Things I Have Withheld: Essays by Kei Miller (Canongate Press)

Tears in the Fence

This is a stirring and insightful collection of essays that often reads like a travelogue or reportage; that is that its prerogatives are not speculative or theoretical. Kei Miller from Jamaica, who studied and has taught in Britain, has been lauded for his poetry, especiallyThe Cartographer Tries to Map a Way to Zion(2014).

I was a little reminded of Martin AmisVisiting Mrs Nabokov, which similarly is in a kind of reporter’s prose conveying and getting back about places he’s visited, people seen. Miller’s essays cover a lot of ground, from Jamaica to Trinidad to Kenya to Ghana.

Reflecting I’d say the main points coming through are to get a bit of local colour, sometimes not without its hazards, in some of these places; and to take measure of Miller’s insistence on his embodiment, no ivory tower here, and the culture and politics of racial or ethnic…

View original post 409 more words

Islands of Voices: Selected Poems of Douglas Oliver edited Ian Brinton (Shearsman Books)

Tears in the Fence

The eight titles of Douglas Oliver’s works included by Ian Brinton are supported with a preface by Joe Luna and introduction by the editor along with eight pages of notes at the end of this 180 page book. The inclusions by Joe Luna and Ian Brinton make clear Douglas Oliver’s stance towards poetry as indeed does reading his poems.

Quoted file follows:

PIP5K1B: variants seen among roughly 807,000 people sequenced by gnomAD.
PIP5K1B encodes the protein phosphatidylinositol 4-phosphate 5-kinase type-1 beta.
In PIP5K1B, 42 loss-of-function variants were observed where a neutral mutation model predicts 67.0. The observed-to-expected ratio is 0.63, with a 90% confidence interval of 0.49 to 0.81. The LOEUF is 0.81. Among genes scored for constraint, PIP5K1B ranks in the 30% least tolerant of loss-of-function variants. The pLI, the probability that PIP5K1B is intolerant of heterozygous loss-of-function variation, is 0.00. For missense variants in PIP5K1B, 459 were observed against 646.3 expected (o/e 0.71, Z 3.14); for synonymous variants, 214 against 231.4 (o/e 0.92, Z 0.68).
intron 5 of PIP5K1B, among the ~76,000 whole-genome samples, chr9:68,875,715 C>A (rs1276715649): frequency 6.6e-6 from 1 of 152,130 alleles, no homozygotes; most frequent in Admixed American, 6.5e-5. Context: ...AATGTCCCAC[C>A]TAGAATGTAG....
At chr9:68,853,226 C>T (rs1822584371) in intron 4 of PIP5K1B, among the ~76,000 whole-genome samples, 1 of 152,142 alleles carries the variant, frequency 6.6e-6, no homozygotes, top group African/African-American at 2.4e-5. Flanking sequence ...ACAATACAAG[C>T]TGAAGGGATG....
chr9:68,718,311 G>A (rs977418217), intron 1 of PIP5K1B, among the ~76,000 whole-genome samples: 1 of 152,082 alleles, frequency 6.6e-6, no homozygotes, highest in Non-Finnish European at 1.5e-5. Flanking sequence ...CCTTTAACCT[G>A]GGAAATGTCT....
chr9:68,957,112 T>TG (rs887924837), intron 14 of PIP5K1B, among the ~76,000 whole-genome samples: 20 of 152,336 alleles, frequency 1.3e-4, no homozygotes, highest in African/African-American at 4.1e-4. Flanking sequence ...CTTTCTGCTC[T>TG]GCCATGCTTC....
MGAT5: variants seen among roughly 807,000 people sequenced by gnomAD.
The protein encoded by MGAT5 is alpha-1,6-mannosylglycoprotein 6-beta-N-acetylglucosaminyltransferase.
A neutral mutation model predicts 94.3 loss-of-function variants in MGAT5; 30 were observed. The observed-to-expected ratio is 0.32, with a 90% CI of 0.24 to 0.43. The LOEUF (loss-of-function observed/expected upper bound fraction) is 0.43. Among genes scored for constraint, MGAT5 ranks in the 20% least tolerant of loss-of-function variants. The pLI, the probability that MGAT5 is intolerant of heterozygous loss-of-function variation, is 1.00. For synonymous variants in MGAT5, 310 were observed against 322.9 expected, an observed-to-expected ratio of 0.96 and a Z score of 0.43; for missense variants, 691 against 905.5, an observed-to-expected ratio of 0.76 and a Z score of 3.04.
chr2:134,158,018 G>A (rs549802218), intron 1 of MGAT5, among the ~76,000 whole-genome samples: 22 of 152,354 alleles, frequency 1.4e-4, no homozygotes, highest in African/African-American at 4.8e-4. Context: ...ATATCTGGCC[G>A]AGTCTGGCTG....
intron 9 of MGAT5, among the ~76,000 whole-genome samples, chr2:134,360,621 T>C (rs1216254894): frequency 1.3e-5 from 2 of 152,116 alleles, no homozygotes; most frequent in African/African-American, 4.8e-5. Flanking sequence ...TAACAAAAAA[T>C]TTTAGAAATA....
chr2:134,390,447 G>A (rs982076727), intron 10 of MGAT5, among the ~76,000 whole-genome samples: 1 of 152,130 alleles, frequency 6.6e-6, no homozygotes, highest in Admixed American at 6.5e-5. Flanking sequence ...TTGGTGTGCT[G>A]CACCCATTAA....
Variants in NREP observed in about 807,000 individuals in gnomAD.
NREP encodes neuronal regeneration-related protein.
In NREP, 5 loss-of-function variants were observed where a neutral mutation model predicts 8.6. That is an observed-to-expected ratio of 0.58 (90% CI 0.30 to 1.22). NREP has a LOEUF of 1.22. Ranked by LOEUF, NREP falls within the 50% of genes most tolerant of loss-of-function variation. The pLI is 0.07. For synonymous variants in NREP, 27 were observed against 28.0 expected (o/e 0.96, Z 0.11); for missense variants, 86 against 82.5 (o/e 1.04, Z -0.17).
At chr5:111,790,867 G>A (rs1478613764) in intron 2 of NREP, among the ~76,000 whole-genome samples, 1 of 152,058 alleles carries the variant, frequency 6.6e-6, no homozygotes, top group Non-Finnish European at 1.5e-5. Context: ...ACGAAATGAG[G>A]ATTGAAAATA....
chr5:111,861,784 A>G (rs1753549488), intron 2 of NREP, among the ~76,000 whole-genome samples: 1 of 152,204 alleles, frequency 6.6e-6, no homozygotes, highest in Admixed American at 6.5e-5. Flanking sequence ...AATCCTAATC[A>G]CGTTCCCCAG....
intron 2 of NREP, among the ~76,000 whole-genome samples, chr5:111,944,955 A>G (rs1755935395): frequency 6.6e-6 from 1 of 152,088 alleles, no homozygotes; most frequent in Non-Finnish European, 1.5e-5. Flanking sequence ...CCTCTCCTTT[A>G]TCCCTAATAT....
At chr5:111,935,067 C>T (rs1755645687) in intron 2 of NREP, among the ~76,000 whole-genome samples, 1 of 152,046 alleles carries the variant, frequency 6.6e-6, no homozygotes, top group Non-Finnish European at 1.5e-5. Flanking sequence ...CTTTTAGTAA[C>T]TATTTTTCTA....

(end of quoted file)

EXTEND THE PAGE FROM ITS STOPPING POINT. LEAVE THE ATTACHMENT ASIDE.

The poet’s inward conversations held within poems being the very thing with which he wants to confront possible readers: the immediacy of language acting in the moment of experience and in the reported experience, each being reliant on the other. Clear indication of this evident in:

‘Oh you are born already!’ cries the English mother

in pained surprise to her hanging baby,

as though the finished phrase

has slipped, unfinished, out of anguish

still continuing, into its adventures.

‘Beyond active and passive’

and strongly so, in:

… The moment we will…

View original post 478 more words

Drop in by Chris Campbell

Nigel Kent - Poet and Reviewer

Today I welcome Chris Campbell to reflect upon a poem from his poignant new collection…

The title-poem of my recently published collection, White Eye of the Needle, captures a moment my now wife and I climbed into a landmark at the top of a piste on a ski trip. 

We took our skis off, left our poles and climbed up with a couple of friends into a rock formation called the ‘Eye of the Needle’ to admire the view and take photos. It was the first time my wife and I, who met that week, almost kissed, before we hurried back to ski down the mountain.

The ‘Eye of the Needle’ sits at over 2,700 metres in Tignes, France, and has a large hole through the middle. It looks down over the resort and there’s a tough black run on the other side. You can see the formation illustrated on…

View original post 226 more words


Longbarrow Press

Longbarrow Press is delighted to announce the publication of Wealden, a new pamphlet and CD by Nancy Gaffield and The Drift.

Nancy had previously published Meridian (Longbarrow Press, 2019), a long poem that articulates an exploratory journey along the Greenwich Meridian line across Eastern England. Meanwhile, The Drift had been creating semi-improvised music inspired by the landscape around them – the marshes and the dense woodlands of rural Kent. They agreed to collaborate on a new work, where Nancy would explore this extraordinary Kentish landscape, walking from the High Weald down to the coast at Dungeness. Much of the land she traversed is only a few hundred years old, formed by shingle and silt thrown up by storms. This same landscape may only last for another few hundred years, as the sea level continues to rise. Wealden deals with the strata – geological, cultural and historical – that…

View original post 530 more words